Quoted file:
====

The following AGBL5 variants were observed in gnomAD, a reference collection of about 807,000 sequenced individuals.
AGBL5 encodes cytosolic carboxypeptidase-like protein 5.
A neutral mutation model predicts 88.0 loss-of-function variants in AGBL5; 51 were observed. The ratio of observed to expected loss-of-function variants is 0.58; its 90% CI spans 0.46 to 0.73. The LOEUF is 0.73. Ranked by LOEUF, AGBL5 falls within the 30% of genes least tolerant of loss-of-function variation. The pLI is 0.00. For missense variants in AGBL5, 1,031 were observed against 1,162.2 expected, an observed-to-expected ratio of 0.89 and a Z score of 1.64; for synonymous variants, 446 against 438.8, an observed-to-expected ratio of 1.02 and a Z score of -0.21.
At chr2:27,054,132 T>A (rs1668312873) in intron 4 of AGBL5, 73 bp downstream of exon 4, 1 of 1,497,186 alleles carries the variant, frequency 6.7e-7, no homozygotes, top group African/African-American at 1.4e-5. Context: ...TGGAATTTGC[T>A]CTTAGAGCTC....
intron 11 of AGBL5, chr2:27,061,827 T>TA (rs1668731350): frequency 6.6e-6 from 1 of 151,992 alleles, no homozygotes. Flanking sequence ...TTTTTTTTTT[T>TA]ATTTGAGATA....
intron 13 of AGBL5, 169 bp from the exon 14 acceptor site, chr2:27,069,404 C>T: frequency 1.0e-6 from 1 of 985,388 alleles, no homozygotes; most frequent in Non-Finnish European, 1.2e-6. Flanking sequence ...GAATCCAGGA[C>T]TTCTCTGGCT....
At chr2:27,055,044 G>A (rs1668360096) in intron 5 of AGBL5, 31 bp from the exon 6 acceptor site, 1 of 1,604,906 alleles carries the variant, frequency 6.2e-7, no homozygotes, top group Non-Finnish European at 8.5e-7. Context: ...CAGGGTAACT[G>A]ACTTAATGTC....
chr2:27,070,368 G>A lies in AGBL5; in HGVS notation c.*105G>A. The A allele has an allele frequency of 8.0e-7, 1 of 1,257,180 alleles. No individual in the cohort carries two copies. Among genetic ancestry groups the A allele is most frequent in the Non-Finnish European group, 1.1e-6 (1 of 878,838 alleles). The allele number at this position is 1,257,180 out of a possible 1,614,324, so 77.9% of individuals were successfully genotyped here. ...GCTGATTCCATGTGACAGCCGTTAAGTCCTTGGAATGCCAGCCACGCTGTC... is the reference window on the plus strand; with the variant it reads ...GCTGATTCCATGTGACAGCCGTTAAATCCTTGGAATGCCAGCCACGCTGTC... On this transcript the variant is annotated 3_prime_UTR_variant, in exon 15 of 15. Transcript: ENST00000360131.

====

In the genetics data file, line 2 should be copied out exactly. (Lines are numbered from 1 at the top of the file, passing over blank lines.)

AGBL5 encodes cytosolic carboxypeptidase-like protein 5.